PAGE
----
Compound interest factors are formulas that define mathematical equivalence for specific common cash flow patterns. The compound interest factors permit cash flow-analysis to be done more conveniently because tables or spreadsheet functions can be used instead of complicated formulas. This section presents compound interest factors for four discrete cash flow- patterns that are commonly used to model the timing of receipts and disbursements in engineering economic analysis. The four patterns are:

1. A single disbursement or receipt

2. A set of equal disbursements or receipts over a sequence of periods, referred to as an annuity

CHAPTER 3 Cash Flow Analysis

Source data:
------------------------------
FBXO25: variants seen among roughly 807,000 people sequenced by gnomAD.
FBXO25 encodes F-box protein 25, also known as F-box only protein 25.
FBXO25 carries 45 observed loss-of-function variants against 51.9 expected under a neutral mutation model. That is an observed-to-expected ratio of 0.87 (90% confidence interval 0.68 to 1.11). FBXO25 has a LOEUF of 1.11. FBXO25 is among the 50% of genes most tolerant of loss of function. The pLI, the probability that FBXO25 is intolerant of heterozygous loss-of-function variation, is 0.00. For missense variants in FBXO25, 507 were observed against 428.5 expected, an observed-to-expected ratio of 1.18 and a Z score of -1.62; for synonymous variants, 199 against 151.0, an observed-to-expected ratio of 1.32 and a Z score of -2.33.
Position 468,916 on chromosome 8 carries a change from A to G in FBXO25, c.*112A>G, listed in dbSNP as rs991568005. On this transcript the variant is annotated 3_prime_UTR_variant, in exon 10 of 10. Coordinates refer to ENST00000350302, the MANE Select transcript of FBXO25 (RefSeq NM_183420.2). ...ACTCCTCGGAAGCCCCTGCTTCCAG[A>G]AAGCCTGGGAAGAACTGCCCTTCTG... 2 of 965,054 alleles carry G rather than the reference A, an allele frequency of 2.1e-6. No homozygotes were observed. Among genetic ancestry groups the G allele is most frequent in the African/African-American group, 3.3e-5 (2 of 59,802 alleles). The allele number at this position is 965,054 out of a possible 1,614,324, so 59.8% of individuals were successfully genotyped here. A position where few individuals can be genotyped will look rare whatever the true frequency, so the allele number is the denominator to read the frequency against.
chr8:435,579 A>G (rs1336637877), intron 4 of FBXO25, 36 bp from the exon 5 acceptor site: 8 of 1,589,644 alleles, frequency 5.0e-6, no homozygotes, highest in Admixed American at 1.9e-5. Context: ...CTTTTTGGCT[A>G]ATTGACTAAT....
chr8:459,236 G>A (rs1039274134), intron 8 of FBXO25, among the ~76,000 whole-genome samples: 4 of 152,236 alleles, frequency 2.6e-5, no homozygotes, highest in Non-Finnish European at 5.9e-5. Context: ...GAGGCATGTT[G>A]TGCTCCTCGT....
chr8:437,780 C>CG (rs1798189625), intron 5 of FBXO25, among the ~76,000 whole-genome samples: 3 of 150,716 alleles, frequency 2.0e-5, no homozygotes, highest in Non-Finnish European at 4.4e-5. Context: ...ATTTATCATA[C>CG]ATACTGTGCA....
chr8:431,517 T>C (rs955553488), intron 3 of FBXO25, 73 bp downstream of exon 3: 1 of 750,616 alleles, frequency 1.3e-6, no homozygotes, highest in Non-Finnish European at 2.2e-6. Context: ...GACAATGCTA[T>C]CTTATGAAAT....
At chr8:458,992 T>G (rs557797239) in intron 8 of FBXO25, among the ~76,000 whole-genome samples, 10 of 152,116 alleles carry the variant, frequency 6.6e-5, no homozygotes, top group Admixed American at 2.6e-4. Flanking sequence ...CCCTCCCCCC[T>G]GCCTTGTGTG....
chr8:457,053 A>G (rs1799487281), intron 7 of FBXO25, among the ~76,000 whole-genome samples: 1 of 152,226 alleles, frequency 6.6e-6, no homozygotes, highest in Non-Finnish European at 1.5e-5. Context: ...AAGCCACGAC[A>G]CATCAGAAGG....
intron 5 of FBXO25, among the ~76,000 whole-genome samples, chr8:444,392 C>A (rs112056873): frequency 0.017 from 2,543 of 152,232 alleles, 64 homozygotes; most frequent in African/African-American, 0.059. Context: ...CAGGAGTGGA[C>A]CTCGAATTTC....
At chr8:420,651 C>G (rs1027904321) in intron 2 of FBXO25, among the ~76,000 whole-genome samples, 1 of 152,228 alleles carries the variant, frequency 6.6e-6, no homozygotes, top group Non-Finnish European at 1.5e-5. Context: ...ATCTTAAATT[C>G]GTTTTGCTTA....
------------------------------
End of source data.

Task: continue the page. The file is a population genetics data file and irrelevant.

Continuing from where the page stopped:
3. A set of disbursements or receipts that change by a constant amount from one period to the next in a sequence of periods, referred to as an arithmetic gradient series

4. A set of disbursements or receipts that change by a constant proportion from one period to the next in a sequence of periods, referred to as a geometric gradient series

The principle of discrete compounding requires several assumptions:

1. Compounding periods are of equal length.

2. Each disbursement and receipt occurs at the end of a period. A payment at time 0 can be considered to occur at the end of period — 1.

3. Annuities and gradients coincide with the ends of sequential periods. (Section 3.8 suggests several methods for dealing with annuities and gradients that do not coincide with the ends of sequential periods.)

Mathematical derivations of six of the compound interest factors are given in Appendix 3 B at the end of this chapter.

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